Helpful resources here: The Best Apps for Travel
Is the island really erupting?
Two things: 1. There are eight main Hawaiian islands. 2. Only one of them has an active volcano, and that is the Island of Hawai’i! Yes, it’s really been erupting since 1983 (occasionally there’s more lava flow than usual), and you can see it for yourself from a distance! When we visited Volcanoes National Park in 2017, a park ranger had a telescope pointed directly at an area of lava flow so people could see it safely. I got this photo through the telescope:
More details: Our Unforgettable Lava Boat Tour
Why isn’t everyone afraid of the lava?
It’s really a very small threat on a very BIG island! There was a major incident in May 2018 when it started erupting in a new place, which caused new lava flow and loss of homes nearby, but lava flows very slowly, so it’s easy to get away from it when you see it coming—the Captain of our lava boat tour told us that! But truly, a volcanic eruption like they had in 2018 is quite rare.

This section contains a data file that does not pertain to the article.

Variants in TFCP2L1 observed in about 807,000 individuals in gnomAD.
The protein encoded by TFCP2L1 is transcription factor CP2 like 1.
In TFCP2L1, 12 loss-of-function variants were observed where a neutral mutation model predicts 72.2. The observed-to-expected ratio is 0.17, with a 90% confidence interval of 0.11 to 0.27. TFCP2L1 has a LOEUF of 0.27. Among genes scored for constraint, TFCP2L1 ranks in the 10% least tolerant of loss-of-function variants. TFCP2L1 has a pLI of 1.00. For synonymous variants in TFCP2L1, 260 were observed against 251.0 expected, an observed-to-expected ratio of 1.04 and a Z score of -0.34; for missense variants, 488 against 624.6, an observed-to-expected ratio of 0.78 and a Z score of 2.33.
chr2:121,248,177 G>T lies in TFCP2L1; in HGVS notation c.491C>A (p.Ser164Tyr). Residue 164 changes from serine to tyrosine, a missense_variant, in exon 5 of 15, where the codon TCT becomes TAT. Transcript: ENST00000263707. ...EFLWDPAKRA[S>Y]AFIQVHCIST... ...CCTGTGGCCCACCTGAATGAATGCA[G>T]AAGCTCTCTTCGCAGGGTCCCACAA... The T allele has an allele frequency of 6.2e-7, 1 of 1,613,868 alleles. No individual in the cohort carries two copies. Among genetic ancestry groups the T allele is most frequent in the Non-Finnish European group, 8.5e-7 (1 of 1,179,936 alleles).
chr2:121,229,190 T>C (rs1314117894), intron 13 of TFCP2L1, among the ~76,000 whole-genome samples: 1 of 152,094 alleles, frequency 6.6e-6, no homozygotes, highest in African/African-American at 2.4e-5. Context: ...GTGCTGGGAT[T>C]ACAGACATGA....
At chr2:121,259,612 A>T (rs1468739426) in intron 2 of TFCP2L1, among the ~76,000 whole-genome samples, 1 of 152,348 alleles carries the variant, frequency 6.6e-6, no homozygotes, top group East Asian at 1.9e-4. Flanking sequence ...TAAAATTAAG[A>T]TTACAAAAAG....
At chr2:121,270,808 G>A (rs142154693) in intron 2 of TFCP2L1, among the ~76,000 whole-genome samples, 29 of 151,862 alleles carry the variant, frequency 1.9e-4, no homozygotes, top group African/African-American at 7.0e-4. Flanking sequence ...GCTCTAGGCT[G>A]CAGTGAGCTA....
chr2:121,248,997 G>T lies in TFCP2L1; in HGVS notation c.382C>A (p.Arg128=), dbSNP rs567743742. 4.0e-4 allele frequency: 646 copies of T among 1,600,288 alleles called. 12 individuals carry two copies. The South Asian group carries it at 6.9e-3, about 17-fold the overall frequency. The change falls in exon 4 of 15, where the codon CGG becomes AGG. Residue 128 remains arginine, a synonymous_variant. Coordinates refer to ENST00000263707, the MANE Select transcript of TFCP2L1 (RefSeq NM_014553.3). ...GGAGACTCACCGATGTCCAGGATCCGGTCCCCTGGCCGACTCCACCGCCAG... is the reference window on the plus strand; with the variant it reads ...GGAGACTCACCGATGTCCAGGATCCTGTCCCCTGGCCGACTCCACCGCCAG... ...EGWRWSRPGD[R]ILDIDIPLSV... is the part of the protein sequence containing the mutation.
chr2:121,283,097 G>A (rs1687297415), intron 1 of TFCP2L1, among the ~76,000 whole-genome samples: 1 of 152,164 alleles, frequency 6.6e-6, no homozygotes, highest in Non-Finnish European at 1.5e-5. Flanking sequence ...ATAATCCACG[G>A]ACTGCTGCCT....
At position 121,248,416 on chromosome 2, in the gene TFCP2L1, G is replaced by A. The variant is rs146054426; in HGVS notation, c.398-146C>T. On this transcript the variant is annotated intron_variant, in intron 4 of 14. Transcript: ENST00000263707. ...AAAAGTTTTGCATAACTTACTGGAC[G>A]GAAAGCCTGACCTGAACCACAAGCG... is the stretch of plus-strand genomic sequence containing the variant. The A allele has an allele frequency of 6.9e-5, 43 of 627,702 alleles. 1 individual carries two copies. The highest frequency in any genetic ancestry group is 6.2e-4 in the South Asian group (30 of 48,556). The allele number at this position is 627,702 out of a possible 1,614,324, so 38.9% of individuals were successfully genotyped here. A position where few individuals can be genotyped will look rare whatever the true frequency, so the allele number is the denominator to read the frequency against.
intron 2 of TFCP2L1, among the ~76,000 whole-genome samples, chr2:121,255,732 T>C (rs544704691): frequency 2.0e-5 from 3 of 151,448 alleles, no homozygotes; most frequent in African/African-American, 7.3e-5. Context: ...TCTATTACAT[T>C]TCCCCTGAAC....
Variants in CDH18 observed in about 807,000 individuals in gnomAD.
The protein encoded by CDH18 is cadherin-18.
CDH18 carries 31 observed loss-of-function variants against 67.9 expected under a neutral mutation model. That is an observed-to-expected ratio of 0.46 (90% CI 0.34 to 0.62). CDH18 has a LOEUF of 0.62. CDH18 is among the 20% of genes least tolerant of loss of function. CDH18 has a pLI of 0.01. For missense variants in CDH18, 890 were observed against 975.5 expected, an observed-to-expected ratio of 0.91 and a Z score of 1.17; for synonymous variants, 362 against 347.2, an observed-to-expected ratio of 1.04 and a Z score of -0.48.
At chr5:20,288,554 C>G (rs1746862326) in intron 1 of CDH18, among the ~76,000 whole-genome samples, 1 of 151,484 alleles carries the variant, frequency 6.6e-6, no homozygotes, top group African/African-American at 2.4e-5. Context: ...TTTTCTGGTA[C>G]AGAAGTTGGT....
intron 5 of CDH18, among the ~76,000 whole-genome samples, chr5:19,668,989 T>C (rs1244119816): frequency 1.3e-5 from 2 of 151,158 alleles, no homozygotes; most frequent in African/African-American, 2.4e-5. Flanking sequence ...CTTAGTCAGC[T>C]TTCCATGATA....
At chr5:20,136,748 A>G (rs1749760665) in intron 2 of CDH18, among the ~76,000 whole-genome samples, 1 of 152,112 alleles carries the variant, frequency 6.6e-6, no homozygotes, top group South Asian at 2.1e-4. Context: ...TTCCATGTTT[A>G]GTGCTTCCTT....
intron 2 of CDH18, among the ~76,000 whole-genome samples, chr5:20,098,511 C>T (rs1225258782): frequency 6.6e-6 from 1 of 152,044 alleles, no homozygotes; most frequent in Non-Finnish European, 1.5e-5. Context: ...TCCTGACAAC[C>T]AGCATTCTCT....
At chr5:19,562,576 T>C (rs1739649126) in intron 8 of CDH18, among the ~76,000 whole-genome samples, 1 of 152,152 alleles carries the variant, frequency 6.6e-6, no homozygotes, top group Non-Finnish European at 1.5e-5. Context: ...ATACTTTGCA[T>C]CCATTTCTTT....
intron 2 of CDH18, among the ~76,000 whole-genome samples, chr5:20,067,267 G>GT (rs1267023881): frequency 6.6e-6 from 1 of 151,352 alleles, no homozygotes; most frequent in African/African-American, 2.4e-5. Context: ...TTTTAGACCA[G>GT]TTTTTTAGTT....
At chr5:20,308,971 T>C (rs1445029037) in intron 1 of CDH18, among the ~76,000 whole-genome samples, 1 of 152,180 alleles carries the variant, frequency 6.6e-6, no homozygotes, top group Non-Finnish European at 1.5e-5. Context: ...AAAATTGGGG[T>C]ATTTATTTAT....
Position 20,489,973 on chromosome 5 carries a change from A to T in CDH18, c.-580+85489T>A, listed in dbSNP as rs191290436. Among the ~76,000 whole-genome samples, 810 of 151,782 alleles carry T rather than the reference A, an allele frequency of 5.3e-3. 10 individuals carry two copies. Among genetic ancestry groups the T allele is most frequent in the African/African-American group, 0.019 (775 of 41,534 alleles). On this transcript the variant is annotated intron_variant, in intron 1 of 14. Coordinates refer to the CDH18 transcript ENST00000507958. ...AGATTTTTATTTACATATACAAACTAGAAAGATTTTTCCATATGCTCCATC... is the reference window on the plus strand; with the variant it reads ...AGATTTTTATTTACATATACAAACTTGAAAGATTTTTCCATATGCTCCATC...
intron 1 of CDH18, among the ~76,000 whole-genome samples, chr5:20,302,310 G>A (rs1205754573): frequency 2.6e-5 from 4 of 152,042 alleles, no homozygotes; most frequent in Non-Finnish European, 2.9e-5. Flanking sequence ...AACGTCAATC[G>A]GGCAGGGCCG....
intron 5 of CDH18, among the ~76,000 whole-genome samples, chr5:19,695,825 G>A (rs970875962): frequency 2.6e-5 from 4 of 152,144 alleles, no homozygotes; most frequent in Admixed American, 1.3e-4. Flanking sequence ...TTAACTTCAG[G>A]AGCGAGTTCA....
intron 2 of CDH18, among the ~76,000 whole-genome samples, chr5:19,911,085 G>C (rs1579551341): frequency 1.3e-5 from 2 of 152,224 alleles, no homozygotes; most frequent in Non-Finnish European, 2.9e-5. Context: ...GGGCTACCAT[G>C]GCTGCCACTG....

Keep in mind, the American Midwest and South have tornadoes every year. The Caribbean, Gulf Coast, and East Coast have hurricanes every year. California has wildfires every year. The Northeast and upper Midwest states have tremendous snow storms and temperatures in the negative double digits for months at a time every year! A destructive volcanic eruption is a 20- to 30-year event, maybe more! When the locals look worried, you can start to worry, but until then, it’s all aloha!
Start planning! 7 Steps to Plan Your Island of Hawai’i Trip
Is there Internet?
Yes! The islands have wi-fi. Some areas may have slower wi-fi than others, but if you’re staying at a resort or large hotel, you will definitely have wi-fi access the whole time!
Is the Island of Hawai’i the “Main Island?”
Short answer: no! When people ask about the “main island,” they usually mean O’ahu, where the capital city of Honolulu is located. The Island of Hawai’i is the “Big Island” because it is the largest.
Can I use my cell phone on the islands?